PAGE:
Thursday, 19 July, 2018

Appeals court rules against Elliott, clears way for suspension

Cowboys running back Ezekiel Elliott Cowboys running back Ezekiel Elliott
Kristopher Love | 13 October, 2017, 00:37

In what could be a major blow to the Dallas Cowboys, Ezekiel Elliott, the team's star running back, had his six-game suspension reinstated by the United States Court of Appeals for the Fifth Circuit.

On September 9, U.S. District Court judge Amos Mazzant granted the NFL Players Association's preliminary injunction request on the behalf of Elliott.

Instead, he could begin serving his six-game suspension stemming from domestic violence allegations his ex-girlfriend made against him in 2016. One of Elliott's representatives didn't immediately respond to a request for comment. Elliott played the first five games while the case was in the courts.

The NFL, maintaining that it adhered properly to the sport's disciplinary procedures, quickly sought the intervention of the New Orleans-based appeals court.

The U.S. District Court in the Eastern District of Texas ruled in September that the National Football League did not give Elliott a fair hearing for his suspension even before arbitrator Harold Henderson's final ruling, thus granting him a preliminary injuction and allowing him to play.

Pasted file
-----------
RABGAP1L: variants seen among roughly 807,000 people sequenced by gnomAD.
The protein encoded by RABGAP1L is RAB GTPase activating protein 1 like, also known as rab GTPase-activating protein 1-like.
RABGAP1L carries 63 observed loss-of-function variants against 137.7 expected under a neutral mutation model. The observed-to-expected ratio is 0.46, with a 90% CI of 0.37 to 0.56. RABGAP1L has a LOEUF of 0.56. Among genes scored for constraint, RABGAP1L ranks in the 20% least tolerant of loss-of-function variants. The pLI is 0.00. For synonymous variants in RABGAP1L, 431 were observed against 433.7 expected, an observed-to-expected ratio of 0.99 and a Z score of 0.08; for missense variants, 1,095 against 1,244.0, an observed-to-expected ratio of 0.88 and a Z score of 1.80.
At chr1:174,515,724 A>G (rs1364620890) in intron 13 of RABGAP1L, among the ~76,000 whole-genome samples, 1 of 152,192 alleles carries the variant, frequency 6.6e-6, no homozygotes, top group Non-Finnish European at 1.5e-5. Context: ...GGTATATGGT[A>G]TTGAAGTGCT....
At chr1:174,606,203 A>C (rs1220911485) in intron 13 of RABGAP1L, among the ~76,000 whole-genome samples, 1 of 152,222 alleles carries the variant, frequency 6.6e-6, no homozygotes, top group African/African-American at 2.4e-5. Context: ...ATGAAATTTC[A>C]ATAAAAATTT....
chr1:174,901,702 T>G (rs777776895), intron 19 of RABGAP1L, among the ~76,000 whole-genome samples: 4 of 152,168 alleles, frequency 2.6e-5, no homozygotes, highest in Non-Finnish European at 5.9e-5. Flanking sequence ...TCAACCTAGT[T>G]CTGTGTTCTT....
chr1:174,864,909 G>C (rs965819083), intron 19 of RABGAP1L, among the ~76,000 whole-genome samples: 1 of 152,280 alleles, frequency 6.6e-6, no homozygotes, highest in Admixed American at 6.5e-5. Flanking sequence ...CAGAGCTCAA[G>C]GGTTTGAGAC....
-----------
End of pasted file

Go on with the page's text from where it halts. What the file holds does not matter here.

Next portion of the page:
The NFL filed in the NY court because it is the home of league headquarters and was the site of Elliott's appeal hearing with Henderson. In that scenario, you're thrown back to square one and the only place this could be heard now is in the southern district of NY, which is the court that Zeke and Elliott's people definitely wanted to avoid.

What does this mean for Elliott? The 5th Circuit decision says that Elliott and the NFLPA filed their lawsuit prematurely, and without exhausting the process outlined in the league's collective bargaining agreement, when they didn't wait for arbitrator Harold Henderson's decision on the appeal.

Elliott's lawyers point to appeals hearing testimony from Roberts that notes her lack of support for a suspension because she questioned Thompson's credibility. In the most prominent, the Tom Brady "Deflategate" case, Brady secured an injunction, allowing him to play the entire 2015 season.